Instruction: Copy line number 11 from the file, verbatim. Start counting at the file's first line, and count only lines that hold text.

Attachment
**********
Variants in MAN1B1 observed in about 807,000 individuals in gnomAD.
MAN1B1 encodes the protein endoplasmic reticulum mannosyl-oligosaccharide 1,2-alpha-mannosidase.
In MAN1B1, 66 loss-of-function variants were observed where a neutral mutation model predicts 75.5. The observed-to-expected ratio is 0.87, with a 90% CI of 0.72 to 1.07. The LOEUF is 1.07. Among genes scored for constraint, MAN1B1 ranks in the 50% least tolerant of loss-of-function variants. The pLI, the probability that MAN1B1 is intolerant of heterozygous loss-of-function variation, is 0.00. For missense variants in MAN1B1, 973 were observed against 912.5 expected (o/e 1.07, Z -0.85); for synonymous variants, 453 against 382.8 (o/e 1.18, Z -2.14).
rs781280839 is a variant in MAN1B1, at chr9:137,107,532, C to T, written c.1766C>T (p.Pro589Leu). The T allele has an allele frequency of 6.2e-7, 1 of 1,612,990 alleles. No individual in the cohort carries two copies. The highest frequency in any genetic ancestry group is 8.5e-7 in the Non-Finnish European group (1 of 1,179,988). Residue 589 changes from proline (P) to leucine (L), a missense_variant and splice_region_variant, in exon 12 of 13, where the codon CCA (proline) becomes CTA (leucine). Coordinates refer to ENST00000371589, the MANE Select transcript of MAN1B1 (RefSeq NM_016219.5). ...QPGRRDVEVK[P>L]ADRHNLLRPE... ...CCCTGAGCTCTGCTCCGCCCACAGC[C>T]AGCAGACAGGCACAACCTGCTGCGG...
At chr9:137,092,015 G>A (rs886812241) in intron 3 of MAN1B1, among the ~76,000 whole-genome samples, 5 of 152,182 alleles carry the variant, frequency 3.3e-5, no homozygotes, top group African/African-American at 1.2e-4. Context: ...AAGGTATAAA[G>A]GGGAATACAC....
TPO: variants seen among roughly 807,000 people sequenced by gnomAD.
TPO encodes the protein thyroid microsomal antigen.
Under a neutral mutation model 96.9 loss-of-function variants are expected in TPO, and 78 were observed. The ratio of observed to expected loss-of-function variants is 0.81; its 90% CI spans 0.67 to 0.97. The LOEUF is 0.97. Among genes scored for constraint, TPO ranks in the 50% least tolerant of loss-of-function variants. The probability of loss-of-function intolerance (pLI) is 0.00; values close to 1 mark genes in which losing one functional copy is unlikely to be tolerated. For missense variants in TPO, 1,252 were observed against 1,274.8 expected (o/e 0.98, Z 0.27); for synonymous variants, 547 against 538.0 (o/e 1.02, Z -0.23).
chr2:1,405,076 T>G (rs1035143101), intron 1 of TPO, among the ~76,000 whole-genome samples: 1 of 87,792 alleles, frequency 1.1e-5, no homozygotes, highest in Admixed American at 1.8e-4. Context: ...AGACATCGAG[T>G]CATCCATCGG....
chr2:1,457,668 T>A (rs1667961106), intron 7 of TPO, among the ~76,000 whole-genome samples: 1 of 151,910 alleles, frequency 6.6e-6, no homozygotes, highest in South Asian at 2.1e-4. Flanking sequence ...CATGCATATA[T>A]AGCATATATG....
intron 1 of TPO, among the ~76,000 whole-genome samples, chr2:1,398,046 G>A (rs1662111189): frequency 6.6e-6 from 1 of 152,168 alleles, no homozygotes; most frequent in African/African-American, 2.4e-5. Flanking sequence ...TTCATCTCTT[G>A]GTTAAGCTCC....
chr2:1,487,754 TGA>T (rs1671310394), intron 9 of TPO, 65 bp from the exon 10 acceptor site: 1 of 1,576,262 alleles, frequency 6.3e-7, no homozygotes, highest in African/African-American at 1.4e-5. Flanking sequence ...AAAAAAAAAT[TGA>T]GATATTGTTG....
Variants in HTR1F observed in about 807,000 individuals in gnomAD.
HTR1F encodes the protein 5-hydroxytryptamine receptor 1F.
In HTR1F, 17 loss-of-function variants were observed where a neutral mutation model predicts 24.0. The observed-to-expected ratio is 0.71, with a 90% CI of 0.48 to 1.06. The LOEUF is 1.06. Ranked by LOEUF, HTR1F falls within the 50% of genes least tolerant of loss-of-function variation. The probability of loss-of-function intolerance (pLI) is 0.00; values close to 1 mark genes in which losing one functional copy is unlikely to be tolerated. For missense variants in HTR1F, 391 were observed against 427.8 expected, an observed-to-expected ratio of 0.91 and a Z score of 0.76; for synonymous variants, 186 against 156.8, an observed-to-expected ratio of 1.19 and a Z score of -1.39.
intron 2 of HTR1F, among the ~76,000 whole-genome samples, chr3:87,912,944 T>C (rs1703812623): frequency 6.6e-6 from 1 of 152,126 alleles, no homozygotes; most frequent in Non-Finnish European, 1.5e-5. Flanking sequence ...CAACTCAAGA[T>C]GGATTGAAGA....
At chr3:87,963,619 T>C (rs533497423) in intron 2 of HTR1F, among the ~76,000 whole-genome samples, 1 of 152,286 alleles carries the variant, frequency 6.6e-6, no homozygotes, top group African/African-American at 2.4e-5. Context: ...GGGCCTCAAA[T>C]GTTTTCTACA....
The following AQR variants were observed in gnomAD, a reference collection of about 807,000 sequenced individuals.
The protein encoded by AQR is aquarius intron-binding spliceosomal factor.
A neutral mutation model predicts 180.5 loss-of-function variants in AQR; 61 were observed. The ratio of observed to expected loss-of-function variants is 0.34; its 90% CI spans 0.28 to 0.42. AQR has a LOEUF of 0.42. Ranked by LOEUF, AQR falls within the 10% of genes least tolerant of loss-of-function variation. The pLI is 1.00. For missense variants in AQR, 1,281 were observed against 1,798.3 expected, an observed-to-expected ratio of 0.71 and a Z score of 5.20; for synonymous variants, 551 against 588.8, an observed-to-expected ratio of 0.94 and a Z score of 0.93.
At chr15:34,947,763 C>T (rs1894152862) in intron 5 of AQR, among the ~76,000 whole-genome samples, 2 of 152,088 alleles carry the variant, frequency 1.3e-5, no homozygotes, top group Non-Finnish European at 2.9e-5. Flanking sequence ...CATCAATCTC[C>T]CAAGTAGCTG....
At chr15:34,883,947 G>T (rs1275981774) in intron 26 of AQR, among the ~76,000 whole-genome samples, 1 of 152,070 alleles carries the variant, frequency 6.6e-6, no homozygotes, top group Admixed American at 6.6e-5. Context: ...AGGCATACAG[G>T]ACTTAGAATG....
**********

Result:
intron 1 of TPO, among the ~76,000 whole-genome samples, chr2:1,398,046 G>A (rs1662111189): frequency 6.6e-6 from 1 of 152,168 alleles, no homozygotes; most frequent in African/African-American, 2.4e-5. Flanking sequence ...TTCATCTCTT[G>A]GTTAAGCTCC....